The Financial Conduct Authority (FCA) recently published a Policy Statement (PS20/17) and final rules and guidance in relation to climate-related financial disclosures for UK premium listed companies.

Companies will be required to include a statement in their annual financial report which sets out whether their disclosures are consistent with theTask Force on Climate-related Financial Disclosures (TCFD) June 2017 recommendations and, if not, to explain why they have not done so. The rule applies for accounting periods beginning on or after 1 January 2021.

The FCA also added some additional guidance:

  • Timeframe for future compliance – Where companies are explaining why they have not made disclosures consistent with the TCFD recommendations, the final rules state that they must explain any steps they are taking or plan to take in order to be able to make the disclosures in the future, and the timeframe within which they expect to be able to make those disclosures.
  • Level of detail required – The FCA has added additional guidance on the limited circumstances in which it would expect issuers to explain rather than disclose – where they face “transitional challenges” – and in relation to the level of detail to be included in companies’ disclosures. It expects all companies will “ordinarily be able” to make TCFD consistent disclosures on governance and risk management.
  • References to TCFD materials – The FCA has added guidance to clarify that a company’s determination of consistency with the TCFD’s recommendations should be informed by a detailed assessment of their disclosures which takes into account certain specified TCFD materials.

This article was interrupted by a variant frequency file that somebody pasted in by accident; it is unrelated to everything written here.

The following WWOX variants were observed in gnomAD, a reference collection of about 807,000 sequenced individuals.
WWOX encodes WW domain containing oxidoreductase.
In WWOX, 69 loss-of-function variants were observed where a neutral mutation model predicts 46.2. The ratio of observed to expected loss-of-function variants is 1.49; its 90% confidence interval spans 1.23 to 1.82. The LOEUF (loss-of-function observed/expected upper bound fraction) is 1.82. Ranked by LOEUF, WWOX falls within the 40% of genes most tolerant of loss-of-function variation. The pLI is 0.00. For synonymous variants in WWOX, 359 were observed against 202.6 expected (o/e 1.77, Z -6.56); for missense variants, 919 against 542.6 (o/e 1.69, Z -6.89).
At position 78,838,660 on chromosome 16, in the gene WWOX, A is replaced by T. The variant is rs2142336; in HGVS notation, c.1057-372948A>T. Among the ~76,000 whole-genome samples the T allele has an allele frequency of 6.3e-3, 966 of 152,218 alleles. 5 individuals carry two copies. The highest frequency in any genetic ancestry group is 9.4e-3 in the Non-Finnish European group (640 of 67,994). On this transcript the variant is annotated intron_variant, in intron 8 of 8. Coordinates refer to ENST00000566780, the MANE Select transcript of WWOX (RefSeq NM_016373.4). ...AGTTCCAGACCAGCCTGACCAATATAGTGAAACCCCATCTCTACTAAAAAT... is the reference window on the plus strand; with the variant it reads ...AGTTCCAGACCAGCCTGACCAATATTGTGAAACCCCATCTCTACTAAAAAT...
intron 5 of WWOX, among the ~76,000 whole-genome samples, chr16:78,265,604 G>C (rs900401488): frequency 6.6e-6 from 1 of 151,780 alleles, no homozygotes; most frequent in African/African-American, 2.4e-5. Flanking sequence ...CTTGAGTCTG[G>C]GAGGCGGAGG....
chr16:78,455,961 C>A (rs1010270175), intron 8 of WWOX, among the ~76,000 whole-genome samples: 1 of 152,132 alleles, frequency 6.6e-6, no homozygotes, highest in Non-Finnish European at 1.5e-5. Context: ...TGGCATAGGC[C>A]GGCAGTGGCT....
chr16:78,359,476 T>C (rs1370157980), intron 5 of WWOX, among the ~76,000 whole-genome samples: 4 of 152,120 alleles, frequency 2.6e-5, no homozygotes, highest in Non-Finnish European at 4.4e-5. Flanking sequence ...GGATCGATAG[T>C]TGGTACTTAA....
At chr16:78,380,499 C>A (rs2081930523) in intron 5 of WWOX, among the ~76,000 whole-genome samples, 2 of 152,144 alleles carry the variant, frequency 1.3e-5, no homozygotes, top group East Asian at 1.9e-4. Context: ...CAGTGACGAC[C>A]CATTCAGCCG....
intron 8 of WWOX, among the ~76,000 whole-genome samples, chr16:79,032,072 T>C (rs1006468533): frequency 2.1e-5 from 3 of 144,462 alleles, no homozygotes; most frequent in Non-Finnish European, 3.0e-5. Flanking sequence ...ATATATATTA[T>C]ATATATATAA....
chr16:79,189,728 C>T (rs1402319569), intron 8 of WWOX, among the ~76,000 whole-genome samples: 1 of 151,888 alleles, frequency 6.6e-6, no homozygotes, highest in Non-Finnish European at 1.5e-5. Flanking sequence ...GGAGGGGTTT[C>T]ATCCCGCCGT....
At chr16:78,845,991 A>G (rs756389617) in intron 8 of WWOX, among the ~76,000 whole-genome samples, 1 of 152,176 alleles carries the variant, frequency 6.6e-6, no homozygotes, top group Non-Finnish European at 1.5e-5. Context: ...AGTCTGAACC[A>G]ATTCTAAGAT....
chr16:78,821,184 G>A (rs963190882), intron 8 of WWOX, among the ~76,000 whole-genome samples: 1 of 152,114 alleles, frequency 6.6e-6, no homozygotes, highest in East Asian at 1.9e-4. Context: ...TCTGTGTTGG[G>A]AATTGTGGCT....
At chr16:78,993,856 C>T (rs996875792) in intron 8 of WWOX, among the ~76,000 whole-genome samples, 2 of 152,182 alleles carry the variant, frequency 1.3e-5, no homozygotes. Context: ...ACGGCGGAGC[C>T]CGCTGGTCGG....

In addition, the FCA issued a Technical Note clarifying existing environmental, social and governance (ESG) disclosure obligations in its existing rules and confirmed that it plans to publish further consultation papers on extending the application of TCFD disclosures to a wider scope of listed issuers, and possibly strengthening the compliance basis, in early 2021.

This reflects the intention outlined by the Treasury in its interim report published in Novermeber last year in which it indicated that it wants to make TCFD-aligned disclosures mandatory for the following entities by 2025 (with a significant proportion of mandatory requirements being in place by 2023):

  • listed commercial companies
  • UK-registered large private companies
  • banks and building societies
  • insurance companies
  • asset managers
  • life insurers and FCA-regulated pension schemes, and
  • occupational pension schemes.

The roadmap includes the DWP’s proposed timetable for the introduction of enhanced reporting duties for large occupational pension schemes, master trusts and CDC schemes, which will be phased in (based on a scheme’s size) from 2021 onwards.

For a more detailed analysis of the FCA’s Policy Statement, see our banking litigation blog post and our corporate blog post.


The FCA’s new rules are another step on the road towards mandatory TCFD disclosures for premium listed companies. As more information is dislcosed by such companies (along with other entities) it will make it easier for trustees of occupational pension schemes and pension providers to assess the climate-related risks and opportunities to which they are exposed and to assess and monitor the climate-related impact of their investment portfolios.